The purpose of this study is to determine the effects of administering “distracter” tasks to two groups of participants (surgical residents or “learners”, and experienced surgeons — “experts”) when performing a simulated laparoscopic task, on the level of the surgical task performance. This study reports initial results from the exploration of a novel approach to assessment of laparoscopic surgical skill. The Dual-task approach states that performance on a secondary task (e.g., response to a signal or a question) will be indicative of the skill-level of a surgical trainee, when the task is performed concurrently with a surgical task.
Methods and Procedures
To test the model, we asked residents and practicing surgeons to perform three laparoscopic surgical tasks on a virtual reality trainer (SurgicalSim ™), either alone or concurrently with one of three secondary-tasks of varying difficulty-level (responding to tones, selective responses to questions and mental arithmetic). Outcome measures were: completion-time and number of errors for the surgical tasks; reaction-time and accuracy, for the secondary tasks. Participants performed all tasks and task-combinations. Order of tasks was randomized. Performance levels on the tasks alone were used as statistical control.
Both groups exhibited practice effects in performing each of the simulated laparoscopic tasks across the four repetitions. The “learning curves” were similar, representing reduction of time for performance that could be described with a single function. The “number of errors” measure yielded different patterns for the two groups. Concurrent task performance resulted in an increase in reaction time and an increase in the number of errors for all three secondary-tasks. For both groups, the selected response and mental calculation tasks resulted in more errors in the surgical task performance than the counting beeps task.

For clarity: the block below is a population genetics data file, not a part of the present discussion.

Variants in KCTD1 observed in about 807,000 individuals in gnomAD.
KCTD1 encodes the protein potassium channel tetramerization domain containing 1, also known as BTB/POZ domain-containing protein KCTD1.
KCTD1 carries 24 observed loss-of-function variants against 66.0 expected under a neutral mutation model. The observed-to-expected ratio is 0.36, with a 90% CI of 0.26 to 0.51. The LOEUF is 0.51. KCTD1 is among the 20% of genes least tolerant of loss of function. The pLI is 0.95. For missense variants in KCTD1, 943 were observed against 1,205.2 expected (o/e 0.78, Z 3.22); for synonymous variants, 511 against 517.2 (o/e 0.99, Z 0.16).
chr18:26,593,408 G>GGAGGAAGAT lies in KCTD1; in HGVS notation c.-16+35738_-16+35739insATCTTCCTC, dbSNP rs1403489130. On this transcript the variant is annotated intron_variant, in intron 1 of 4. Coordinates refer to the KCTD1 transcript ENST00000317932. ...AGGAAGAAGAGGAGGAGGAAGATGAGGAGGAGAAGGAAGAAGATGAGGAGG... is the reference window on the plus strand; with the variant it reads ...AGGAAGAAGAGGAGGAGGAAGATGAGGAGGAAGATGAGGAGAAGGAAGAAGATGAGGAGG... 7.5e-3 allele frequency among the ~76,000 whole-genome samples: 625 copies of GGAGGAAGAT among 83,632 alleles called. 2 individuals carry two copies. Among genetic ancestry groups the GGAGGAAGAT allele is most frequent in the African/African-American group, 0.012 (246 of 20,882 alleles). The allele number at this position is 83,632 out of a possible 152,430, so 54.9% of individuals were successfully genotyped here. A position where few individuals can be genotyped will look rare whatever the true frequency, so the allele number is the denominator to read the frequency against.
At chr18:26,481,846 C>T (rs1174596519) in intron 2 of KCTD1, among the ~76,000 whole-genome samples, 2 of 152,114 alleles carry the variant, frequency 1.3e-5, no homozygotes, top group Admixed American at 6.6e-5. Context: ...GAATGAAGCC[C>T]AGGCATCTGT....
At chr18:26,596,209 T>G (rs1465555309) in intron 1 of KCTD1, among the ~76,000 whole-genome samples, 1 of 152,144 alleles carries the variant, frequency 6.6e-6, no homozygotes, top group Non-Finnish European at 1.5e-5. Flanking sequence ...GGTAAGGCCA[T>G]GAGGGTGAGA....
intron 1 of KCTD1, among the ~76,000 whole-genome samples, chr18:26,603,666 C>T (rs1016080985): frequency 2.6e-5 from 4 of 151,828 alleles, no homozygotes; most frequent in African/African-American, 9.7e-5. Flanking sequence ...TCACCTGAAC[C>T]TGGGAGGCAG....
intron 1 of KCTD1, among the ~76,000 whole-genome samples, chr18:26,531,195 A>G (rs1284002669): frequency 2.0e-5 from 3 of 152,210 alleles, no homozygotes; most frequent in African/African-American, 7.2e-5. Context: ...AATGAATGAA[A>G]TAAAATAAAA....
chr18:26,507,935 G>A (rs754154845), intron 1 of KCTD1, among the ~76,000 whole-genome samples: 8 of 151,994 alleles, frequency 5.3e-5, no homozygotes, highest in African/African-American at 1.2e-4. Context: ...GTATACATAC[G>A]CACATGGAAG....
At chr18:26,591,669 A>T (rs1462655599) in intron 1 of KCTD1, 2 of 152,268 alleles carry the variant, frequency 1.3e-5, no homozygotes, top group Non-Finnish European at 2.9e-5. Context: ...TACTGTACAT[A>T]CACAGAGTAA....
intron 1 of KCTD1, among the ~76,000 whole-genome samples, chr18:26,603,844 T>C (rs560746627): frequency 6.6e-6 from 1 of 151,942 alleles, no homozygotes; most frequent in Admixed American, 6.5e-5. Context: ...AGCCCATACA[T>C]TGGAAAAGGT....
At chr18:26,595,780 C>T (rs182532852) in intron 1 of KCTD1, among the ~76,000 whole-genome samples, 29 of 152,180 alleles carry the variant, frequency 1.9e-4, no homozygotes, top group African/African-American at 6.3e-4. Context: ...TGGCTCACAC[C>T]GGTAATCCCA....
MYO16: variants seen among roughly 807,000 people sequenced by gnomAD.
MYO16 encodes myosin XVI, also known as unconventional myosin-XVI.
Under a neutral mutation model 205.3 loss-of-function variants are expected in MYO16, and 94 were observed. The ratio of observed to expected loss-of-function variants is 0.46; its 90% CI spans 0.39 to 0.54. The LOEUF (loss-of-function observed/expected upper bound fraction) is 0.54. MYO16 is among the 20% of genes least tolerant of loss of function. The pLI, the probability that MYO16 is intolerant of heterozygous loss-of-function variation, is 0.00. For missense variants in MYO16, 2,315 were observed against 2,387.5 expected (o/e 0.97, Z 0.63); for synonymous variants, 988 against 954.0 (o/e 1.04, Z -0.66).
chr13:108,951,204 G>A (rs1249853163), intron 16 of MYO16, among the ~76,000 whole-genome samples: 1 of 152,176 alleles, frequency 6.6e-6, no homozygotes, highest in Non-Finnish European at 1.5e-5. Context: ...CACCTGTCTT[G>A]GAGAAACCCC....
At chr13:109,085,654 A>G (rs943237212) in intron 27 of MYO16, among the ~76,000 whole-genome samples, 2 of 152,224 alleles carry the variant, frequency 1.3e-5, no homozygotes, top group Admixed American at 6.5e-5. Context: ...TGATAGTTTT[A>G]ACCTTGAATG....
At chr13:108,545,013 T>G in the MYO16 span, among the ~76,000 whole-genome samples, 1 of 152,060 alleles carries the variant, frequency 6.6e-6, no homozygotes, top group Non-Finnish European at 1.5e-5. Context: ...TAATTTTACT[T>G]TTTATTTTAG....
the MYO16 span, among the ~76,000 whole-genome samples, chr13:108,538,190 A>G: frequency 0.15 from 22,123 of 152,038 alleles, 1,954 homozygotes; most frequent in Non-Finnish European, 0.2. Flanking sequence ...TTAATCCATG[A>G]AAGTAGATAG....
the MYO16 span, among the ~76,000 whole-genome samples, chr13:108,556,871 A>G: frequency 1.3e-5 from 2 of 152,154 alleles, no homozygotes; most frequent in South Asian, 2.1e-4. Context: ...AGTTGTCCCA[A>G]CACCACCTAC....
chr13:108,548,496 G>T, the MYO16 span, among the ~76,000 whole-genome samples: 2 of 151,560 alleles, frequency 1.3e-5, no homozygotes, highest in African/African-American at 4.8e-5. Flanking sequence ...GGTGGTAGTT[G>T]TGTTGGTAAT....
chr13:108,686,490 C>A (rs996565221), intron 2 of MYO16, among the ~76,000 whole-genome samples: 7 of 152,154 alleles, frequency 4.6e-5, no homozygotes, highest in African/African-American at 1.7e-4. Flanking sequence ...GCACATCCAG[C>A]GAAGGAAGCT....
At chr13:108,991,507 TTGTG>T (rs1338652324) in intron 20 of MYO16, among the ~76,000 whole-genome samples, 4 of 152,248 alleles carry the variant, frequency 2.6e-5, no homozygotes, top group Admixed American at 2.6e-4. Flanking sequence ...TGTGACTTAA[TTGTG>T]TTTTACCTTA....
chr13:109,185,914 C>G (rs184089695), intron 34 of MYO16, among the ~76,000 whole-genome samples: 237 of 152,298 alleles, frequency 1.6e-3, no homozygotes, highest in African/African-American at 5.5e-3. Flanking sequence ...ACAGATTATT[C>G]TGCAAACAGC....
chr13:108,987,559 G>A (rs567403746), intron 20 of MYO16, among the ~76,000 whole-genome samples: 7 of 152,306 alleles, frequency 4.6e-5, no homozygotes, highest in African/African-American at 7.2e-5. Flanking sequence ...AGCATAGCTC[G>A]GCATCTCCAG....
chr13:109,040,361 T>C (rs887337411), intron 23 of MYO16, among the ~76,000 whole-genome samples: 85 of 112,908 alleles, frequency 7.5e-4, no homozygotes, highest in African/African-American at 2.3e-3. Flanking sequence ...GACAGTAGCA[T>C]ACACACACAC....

Based on these results it is possible to objectively detect differences in skill level. The dual-task approach to assessment provides an objective albeit indirect way to evaluate skill-level in surgery and evaluate readiness for a transition from simulator to operating room. Future research will involve the selection of different secondary tasks that are more sensitive in detecting differences in skill level.
Program Number: P221